The Jamat in Uganda consists of a blend of East and West, with Ismailis having settled in Uganda from various parts of the world including Belgium, Canada, India, Pakistan, and the United Kingdom. The various Jamati institutions in Uganda have drawn strength from this diversity and the knowledge and experience it brings, and have organised a number of initiatives to embrace diversity and pluralism within the Jamat and beyond.

Through its Early Childhood Development (ECD) centres, the Aga Khan Education Board of Uganda works closely with teachers, students, and parents to teach young children the values of being a diverse community. One of the approaches adopted includes Cultural Day, where students and teachers displayed flags, artifacts, currencies, and attire from different countries and participants dressed in traditional clothing representing the different cultures and traditions. They greeted the audience in different languages, shared some facts about each country, sang cultural songs, and served cultural dishes like posho and juggu sauce, dokhla, and pancakes.

The Outreach Portfolio organised an annual Milad Un Nabi celebration with Muslim community leaders. This year’s celebration included a discussion on the acquisition of knowledge and diversity as part of Islamic faith. The key objective behind the annual event is to forge a way towards a better, more peaceful, and tolerant world.

The Aga Khan Development Network (AKDN) in Uganda recently hosted a lecture to celebrate the example of the Buganda Kingdom within the remarkable multicultural society of Uganda. Buganda is the largest of the traditional kingdoms in present-day Uganda. Its people, the Baganda, make up Uganda’s largest ethnic group. The lecture was conducted by the former Katikiro (Prime Minister) of Buganda, Mr Joseph Mulwanyamuli Ssemogerere.

Mr Ssemogerere acknowledged both Mawlana Hazar Imam and the Kabaka of Buganda, Ronald Muwenda Mutebi II for championing cultural diversity and pluralism in Uganda through the different undertakings of their institutions.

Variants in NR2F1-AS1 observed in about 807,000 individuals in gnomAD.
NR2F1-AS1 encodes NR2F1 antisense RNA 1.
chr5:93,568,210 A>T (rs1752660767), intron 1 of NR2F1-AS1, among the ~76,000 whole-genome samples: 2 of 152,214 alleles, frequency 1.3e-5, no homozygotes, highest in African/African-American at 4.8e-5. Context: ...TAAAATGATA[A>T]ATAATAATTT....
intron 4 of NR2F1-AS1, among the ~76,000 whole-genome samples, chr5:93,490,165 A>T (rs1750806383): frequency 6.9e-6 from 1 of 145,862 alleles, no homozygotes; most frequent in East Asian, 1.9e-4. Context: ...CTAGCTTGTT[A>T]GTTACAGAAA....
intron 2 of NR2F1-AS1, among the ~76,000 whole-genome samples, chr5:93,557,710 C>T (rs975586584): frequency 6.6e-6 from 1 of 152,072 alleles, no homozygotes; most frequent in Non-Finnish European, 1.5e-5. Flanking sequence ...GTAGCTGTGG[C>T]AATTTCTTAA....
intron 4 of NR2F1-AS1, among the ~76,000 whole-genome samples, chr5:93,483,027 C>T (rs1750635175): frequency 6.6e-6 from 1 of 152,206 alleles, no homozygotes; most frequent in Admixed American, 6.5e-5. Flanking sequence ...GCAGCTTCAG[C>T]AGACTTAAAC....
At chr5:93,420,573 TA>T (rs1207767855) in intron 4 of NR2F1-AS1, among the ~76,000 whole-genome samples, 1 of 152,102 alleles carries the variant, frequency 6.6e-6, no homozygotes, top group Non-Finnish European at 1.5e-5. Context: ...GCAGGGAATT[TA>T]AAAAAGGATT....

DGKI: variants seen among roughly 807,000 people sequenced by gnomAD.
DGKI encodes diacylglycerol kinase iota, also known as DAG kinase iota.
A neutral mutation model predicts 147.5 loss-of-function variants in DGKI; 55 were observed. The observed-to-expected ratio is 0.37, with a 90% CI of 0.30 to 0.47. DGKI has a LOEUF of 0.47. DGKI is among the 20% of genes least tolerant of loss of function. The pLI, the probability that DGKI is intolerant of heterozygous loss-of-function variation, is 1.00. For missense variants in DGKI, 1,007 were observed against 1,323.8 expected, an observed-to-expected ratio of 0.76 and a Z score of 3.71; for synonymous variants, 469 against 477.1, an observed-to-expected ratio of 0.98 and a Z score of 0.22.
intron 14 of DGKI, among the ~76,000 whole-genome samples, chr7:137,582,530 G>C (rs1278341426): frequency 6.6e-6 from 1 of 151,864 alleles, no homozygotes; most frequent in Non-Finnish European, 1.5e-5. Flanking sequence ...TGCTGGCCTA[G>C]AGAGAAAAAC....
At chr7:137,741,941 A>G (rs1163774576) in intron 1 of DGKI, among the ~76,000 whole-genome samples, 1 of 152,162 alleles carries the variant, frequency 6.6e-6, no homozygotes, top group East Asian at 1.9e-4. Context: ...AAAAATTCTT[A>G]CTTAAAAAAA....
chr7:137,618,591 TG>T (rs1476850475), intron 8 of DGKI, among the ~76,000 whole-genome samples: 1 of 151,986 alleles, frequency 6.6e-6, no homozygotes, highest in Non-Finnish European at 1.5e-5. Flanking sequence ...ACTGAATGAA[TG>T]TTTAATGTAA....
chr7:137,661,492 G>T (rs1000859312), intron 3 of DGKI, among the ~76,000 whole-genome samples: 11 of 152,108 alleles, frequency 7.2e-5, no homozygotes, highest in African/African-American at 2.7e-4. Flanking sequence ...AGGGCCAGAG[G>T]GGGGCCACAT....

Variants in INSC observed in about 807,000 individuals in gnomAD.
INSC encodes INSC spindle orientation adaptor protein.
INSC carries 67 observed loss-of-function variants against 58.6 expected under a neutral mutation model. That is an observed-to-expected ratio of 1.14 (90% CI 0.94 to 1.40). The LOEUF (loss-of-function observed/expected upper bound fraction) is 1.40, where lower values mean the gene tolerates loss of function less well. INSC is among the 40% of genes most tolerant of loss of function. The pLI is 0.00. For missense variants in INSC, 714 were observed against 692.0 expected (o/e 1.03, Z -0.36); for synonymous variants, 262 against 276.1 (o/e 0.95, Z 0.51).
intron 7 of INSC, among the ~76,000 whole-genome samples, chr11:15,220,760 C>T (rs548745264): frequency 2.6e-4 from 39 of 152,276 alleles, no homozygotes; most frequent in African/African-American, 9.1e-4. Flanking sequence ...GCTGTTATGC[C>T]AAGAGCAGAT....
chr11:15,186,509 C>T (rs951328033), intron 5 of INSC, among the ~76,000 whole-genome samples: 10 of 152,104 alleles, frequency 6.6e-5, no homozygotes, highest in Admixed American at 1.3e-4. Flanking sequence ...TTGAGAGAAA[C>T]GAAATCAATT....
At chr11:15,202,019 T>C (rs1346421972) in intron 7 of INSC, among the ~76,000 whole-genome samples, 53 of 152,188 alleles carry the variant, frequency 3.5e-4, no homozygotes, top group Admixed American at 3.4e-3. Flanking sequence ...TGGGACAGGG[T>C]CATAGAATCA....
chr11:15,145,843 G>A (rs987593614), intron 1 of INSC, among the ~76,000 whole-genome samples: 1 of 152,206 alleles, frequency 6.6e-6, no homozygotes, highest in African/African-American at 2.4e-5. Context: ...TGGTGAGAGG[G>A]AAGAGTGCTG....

According to Mr Ssemogerere, since the arrival of Allidina Visram as the first Ismaili to settle in Buganda, the Ismailis have been part of Buganda culture, including becoming ministers and members of the Lukiiko (Kingdom parliament).

The Diplomatic Representative of the Aga Khan Development Network in Uganda, Amin Mawji said, “These lectures are aimed at creating a space for conversation where the leaders in Uganda sit in one room to reflect on current issues, explore new ideas and fresh perspectives, and to promote new solutions to the problems that face the society.”

Mr Mawji noted that a recent study conducted by Harvard University found that Uganda is the most ethnically diverse country on the planet.

“The study made me pause to reflect on what examples of good practice we might find here — in the most ethnically diverse country in the world — of inclusion, rather than exclusion, as a way to respond to the challenges of our world,” Mr Mawji said. “Pluralism is about actively seeking a deeper understanding across lines of difference, an understanding of different traditions, different cultures, and different ways of looking at societal issues.”


During the final week of December, The.Ismaili will focus on the theme of diversity and pluralism by exploring how Jamats around the world are celebrating difference, expressing their diversity, and sharing their cultural traditions with others.